5 language facts about the European Union
The European Union was established on 1 November 1993; in order to mark this anniversary, let’s take a look at some of the languages spoken in the EU.
1. There are over 200 languages spoken in the countries of the EU, but only 24 official languages. You can see the full list of these 24 official languages on the EU’s website. You can also find examples of how each is written as well as listen to samples of what they sound like.
2. The European Commission is one of the largest language translation and interpretation services in the world with 1,750 linguists, 850 support staff, 600 staff interpreters, and 3,000 freelance interpreters.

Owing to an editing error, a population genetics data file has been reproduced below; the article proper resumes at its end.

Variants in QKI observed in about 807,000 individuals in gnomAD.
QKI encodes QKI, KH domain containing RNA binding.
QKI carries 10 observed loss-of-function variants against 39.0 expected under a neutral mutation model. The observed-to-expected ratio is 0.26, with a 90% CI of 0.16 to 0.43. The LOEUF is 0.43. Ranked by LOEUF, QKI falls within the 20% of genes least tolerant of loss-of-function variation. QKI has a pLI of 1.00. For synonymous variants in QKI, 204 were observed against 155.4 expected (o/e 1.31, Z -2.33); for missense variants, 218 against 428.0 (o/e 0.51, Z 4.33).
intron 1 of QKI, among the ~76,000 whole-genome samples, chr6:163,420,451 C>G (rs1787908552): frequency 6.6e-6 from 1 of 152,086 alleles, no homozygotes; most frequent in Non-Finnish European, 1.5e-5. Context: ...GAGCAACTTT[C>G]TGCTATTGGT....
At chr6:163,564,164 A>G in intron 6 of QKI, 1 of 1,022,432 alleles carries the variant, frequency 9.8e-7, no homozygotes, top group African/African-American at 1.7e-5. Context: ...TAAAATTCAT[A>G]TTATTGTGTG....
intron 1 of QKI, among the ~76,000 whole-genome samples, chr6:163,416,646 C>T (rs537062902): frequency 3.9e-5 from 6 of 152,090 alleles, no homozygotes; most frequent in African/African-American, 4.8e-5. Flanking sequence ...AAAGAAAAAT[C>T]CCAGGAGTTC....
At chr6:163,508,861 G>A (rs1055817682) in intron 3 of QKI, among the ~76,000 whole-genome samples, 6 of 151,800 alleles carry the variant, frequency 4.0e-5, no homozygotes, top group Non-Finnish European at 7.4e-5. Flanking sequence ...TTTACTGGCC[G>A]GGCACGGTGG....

3. The majority of official EU languages are Indo-European, however there are also a few Finno-Ugric languages: Estonian, Finnish, and Hungarian, as well as one Semitic language: Maltese. Basque, which is a descendant of a pre-Indo-European language of obscure origin, has official status regionally within Spain while not being an official EU language.
Additionally, all are written with a Latin-based alphabet except for Greek, which uses the Greek alphabet, and Bulgarian, which uses Cyrillic.
4. Speaking of Cyrillic, Russian is not an official language of the EU but it is the sixth most common language, after English, French, German, Spanish, and Italian. This is largely due to immigrant population and its popular choice as a second (or third!) language. And of course, historically, it was taught compulsorily in countries of the former Soviet Union.
5. English is spoken by more than half the entire population of the EU, although German has the most native speakers. English is the most popular choice of second language for almost all the countries in the EU.